Those numbers would give anyone pause. But nothing causes more trepidation than actually watching Bates play at times in college. Dive into the specifics of game film, and you’ll see Bates routinely shows a lack of athleticism, something that’s always been a concern associated with him. He’s short-armed for his size and doesn’t do much to put pressure on the rim, which can be attributed to his slender frame. Some of the shots Bates would heave at times would make him your least-favorite guy to play pickup with, too.
Worst of all, the defense, a prerequisite for playing for J.B. Bickerstaff, is the most frustrating to watch. Bates has the natural frame to play defense at the NBA level. Unfortunately, it does require effort to use those God-given traits and in his time with Eastern Michigan, it seems like Bates wasn’t fully engaged on that end of the floor. For all the highlights and pieces of tape that point to a monstrous upside in the NBA, some signs also point to Bates being limited at the next level.
Thankfully, some of those concerns are why Bates was available for the Cavaliers late in the second round. The upside, meanwhile, is likely why Cleveland took a chance on Bates with their lone selection in the 2023 NBA Draft. The Cavaliers have a strong commitment to player development on their coaching staff. Arguably, their greatest player development asset, Mike Gerrity runs the show with the Cleveland Charge, the organization’s NBA G League affiliate.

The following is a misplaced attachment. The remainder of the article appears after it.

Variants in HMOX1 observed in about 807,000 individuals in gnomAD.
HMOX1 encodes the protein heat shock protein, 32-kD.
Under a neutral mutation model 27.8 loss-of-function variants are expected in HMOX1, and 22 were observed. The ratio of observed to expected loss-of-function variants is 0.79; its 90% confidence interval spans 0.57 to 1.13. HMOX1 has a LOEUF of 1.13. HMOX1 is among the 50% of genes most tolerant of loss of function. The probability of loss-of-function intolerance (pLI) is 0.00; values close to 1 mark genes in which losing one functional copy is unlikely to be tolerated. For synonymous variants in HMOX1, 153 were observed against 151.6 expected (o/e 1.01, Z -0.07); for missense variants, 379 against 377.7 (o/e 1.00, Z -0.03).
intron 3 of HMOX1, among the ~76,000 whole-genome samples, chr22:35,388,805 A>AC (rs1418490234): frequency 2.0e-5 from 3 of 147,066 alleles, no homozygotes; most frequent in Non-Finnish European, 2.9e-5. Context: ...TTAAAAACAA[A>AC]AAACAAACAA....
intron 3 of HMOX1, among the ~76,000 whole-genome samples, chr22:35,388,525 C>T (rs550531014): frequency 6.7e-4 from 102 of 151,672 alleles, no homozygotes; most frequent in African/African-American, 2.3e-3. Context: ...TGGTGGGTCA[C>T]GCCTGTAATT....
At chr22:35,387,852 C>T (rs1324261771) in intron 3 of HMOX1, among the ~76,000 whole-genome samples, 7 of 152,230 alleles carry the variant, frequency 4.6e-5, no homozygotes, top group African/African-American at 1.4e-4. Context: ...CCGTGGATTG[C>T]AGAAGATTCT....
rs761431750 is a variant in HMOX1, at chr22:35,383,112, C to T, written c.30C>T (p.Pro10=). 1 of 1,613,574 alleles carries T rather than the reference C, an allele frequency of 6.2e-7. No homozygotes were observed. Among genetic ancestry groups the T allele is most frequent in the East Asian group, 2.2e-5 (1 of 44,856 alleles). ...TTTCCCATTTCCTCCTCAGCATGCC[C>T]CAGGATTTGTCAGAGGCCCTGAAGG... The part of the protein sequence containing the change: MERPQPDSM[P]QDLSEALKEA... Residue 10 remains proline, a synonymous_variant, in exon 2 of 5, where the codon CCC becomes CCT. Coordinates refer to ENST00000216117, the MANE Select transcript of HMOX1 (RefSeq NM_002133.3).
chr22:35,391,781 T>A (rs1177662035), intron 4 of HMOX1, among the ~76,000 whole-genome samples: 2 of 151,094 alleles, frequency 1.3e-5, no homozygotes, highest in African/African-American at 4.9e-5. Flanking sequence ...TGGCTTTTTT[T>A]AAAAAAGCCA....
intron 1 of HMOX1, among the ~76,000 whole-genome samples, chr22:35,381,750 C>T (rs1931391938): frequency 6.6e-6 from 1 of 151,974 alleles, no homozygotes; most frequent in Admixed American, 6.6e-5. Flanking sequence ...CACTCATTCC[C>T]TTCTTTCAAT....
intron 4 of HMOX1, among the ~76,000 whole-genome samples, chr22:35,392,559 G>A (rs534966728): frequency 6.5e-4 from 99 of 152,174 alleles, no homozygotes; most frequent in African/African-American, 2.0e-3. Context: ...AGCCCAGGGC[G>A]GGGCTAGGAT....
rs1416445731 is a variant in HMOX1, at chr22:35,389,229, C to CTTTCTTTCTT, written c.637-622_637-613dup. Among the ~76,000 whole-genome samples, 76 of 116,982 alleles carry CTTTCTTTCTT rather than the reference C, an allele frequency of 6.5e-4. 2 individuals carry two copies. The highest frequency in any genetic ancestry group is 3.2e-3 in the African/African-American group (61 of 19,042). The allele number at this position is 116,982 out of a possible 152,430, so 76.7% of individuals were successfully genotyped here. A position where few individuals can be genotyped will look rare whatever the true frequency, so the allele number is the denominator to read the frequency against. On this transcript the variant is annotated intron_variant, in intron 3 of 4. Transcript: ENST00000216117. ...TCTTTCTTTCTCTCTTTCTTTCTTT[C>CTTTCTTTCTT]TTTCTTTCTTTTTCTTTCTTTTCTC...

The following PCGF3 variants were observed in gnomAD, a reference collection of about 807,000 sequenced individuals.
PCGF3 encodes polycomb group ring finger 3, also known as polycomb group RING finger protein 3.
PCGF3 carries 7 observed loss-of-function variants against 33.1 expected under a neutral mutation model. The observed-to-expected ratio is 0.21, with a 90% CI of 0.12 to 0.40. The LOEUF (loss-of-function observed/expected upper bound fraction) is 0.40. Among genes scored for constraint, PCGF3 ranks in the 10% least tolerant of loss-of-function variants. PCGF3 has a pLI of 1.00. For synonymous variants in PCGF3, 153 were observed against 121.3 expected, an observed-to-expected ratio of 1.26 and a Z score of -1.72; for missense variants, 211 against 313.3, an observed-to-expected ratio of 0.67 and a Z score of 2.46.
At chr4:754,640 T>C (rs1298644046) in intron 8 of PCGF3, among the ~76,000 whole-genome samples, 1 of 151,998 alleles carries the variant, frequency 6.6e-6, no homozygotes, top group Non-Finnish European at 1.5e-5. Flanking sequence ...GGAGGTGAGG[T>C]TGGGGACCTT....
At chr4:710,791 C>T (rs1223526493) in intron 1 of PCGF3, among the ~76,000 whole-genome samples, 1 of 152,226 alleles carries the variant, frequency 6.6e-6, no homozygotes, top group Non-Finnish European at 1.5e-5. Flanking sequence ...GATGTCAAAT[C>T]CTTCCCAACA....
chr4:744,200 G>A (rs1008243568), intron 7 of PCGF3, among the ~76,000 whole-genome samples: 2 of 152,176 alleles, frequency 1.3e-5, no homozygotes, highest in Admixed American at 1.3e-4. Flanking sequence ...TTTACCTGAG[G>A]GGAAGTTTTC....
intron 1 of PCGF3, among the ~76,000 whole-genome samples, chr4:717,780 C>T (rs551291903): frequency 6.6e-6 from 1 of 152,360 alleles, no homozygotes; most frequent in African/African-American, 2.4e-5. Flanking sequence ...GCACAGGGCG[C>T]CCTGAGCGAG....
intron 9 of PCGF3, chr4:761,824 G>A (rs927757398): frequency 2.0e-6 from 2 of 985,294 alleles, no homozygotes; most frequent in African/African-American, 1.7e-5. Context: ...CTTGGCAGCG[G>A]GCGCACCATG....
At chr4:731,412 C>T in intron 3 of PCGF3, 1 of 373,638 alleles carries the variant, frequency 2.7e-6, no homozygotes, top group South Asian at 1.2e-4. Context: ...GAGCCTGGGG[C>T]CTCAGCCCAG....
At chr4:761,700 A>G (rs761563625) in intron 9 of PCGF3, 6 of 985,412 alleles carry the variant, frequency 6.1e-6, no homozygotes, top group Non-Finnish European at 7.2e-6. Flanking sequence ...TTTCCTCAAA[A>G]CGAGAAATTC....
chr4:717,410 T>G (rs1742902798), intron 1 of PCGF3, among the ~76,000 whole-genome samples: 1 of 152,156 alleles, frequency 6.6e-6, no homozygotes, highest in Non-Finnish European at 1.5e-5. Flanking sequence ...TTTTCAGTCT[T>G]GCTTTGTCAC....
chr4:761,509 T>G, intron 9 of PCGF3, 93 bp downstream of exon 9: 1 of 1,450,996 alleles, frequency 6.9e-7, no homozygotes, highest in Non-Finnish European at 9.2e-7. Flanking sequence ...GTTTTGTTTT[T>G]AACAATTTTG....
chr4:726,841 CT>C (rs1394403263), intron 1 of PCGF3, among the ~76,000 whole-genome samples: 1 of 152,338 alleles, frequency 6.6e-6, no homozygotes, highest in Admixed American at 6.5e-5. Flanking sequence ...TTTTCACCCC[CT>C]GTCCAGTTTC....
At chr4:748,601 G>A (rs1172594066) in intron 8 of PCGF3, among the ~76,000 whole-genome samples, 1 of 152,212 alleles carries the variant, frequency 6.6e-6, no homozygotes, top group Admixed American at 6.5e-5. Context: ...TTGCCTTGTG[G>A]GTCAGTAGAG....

Bates, who will likely sign a two-way deal with Cleveland, will become all too familiar with Gerrity and what the Cavaliers want from a player. But Bates will also be able to develop at his own pace and possibly tap into the potential that made him worth the swing in the first place. For too long Bates was allowed to get away with so much and not develop the rest of his game to fit within the confines of a team construct. While he showed glimpses of a better understanding of those confines at the NBA Combine, Gerrity and his staff will have to spend most of the upcoming Charge season ironing out the rough spots to help realize the vision of what Bates can be.
Sure, what Brates brings to the table, albeit inefficient right now and very one-dimensional, is a lot of what elite scorers showcase. For his age, to be as advanced of a tough shot-maker as he is has impressed nearly anyone who watches him. Right now, Bates is considered a high-level talent but not a sure-fire star or even a starter at the NBA level nor will he probably ever be that unless things change dramatically between now and next season. But at the end of the day, that’s totally fine. The Cavaliers don’t need Bates to be a superstar or their permanent answer at small forward. Instead, they need to allow him to develop into a perimeter shooting wing they desperately need.
Hopefully, the gamble will be worth it.
Evan Dammarell is a sports journalist covering all things Cleveland right off the shores of Lake Erie. Follow him on Twitter, Facebook or Instagram. You can also email him at email@example.com. He can also be found three to five times weekly on Locked On Cavs, a part of the Locked On Podcast Network.